issue 167 - January 1987
directed by Oliver Stone
War-junkie reporters desperate for another fix swarmed around El Salvador in the early 1980s Survivors of Nam made a bee-line for a small and convenient battleground packed with American interest, if few American dead. Salvador is based on the experience of one such US war-junkie, Richard Boyle.
Desperate for a photographic commission, he regales San Francisco's Pacific News Service with his previous exploits and privations in Kampuchea and Afghanistan - 'Two weeks staple-gunned to the toilet, man'.
But El Salvador transforms him. The macho, whoring, boozing photo-journalist joins the side of the angels - finally convinced by the slaughter of four American nuns. The movie seems to encourage us all to make the same discovery. But it needn't have bothered. The military and the death squads are such a sinister bunch of hoodlums that they would lose anybody's heart and mind within about three frames. And Boyle himself, for all the hyperactive amoral bluster that actor James Woods gives him, has so clearly got gold written all over his heart that he has to do the right thing.
Who cares? Salvador is a gripping production directed with verve and pace. And on an impressive scale, too. Battle scenes with bloodied photographers crawling from one corpse to another would not disgrace Rambo. Even the impassioned last minutes of Archbishop Romero - 'I order you in the name of God. Stop the repression!' - are given a full-scale recreation.
It's a pity that Third World horrors are only really frightening when they are suffered by Western journalists and nuns and aid workers. But Oliver Stone accepts this and plays it for all it's worth. A movie to rank alongside Missing for its skilful propulsion of political complexity into a popular form.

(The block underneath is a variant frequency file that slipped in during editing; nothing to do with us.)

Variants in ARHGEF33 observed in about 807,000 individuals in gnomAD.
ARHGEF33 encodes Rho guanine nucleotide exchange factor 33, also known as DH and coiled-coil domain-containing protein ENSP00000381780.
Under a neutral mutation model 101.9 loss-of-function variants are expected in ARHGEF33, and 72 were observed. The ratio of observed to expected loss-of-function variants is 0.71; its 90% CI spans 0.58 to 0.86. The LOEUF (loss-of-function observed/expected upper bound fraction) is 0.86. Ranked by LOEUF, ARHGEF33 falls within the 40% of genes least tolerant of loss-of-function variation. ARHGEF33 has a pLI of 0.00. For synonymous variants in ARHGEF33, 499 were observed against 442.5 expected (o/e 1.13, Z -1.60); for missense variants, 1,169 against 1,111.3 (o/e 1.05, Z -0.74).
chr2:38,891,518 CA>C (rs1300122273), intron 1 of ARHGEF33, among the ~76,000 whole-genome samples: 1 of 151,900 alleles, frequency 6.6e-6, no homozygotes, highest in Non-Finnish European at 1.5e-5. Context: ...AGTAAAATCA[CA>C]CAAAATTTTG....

New Eyes for Reading
edited by John Pobee and Barbel von Wartenberg-Potter
(World Council of Churches)
A quote: 'Christianity has turned God into a prison warden. God is not different from the "macho"; usually absent from his home, yet served and feared; irascible and vindictive when he thinks he has been wronged'. This book promises to rush in where clerical angels fear to tread: it faces the task of reconciling a white male-dominated religion with Third World women's experiences and you read it to watch these two forces clash.
But the confrontation is surprisingly muted in many of the essays Several are purely devotional. In these contributions the ardour of faith smothers militancy. A few - like Bette Ekeya's denunciation of the Christian Church's attitude towards African women - are eloquent, direct and bitterly critical. There should be more of this kind of salty criticism of the Church's attitude towards women. The book's excess of pious acceptance leaves you feeling a bit cheated. Were some contributions excluded or toned down because they were too angry? The editors should have told us in the introduction how they chose the contributors In short the book, like the young woman on its cover, is a bit too coy.
Women in the World: an International Atlas
by Joni Seager and Ann Olson
(Pan with Pluto Press)
Who could resist an atlas which tells you how many women in the US have had cosmetic surgery in the last six years? Whether you like sublime or silly statistics, this book will cater to your taste. It is packed full of fascinating and surprising nuggets of information ranging from the percentage of people involved in finance, real estate and insurance in Barbados who are women (51.4 percent), to a map showing the sites of women's peace camps across the globe.
Almost 150 colour charts and maps give a clear idea of how women across the world live: their chances of being able to read and their life expectancy at birth. And in case anyone needs convincing that the male of the species gets a better deal, there are maps comparing the amount of work each sex does, or charts showing how much public spending goes on women, and how much on men. At the back of the book are country-by-country tables showing women's access to vital resources.